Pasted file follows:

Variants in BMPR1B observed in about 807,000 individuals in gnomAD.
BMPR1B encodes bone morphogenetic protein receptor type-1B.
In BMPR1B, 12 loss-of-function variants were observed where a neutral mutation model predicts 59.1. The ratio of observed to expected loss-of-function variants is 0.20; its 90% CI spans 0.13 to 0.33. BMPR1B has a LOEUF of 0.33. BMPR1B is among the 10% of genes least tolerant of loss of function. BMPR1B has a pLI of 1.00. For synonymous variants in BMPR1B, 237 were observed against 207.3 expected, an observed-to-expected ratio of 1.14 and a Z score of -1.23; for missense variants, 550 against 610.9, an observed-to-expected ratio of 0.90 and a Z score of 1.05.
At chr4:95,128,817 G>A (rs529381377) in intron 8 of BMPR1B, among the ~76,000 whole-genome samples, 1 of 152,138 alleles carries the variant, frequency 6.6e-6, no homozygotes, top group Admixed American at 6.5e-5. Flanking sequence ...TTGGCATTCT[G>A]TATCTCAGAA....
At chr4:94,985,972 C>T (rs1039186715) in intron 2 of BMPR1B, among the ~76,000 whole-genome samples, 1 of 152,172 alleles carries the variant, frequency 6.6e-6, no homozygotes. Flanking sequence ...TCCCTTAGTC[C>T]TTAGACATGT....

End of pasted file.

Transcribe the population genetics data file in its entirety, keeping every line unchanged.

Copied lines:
Variants in BMPR1B observed in about 807,000 individuals in gnomAD.
BMPR1B encodes bone morphogenetic protein receptor type-1B.
In BMPR1B, 12 loss-of-function variants were observed where a neutral mutation model predicts 59.1. The ratio of observed to expected loss-of-function variants is 0.20; its 90% CI spans 0.13 to 0.33. BMPR1B has a LOEUF of 0.33. BMPR1B is among the 10% of genes least tolerant of loss of function. BMPR1B has a pLI of 1.00. For synonymous variants in BMPR1B, 237 were observed against 207.3 expected, an observed-to-expected ratio of 1.14 and a Z score of -1.23; for missense variants, 550 against 610.9, an observed-to-expected ratio of 0.90 and a Z score of 1.05.
At chr4:95,128,817 G>A (rs529381377) in intron 8 of BMPR1B, among the ~76,000 whole-genome samples, 1 of 152,138 alleles carries the variant, frequency 6.6e-6, no homozygotes, top group Admixed American at 6.5e-5. Flanking sequence ...TTGGCATTCT[G>A]TATCTCAGAA....
At chr4:94,985,972 C>T (rs1039186715) in intron 2 of BMPR1B, among the ~76,000 whole-genome samples, 1 of 152,172 alleles carries the variant, frequency 6.6e-6, no homozygotes. Flanking sequence ...TCCCTTAGTC[C>T]TTAGACATGT....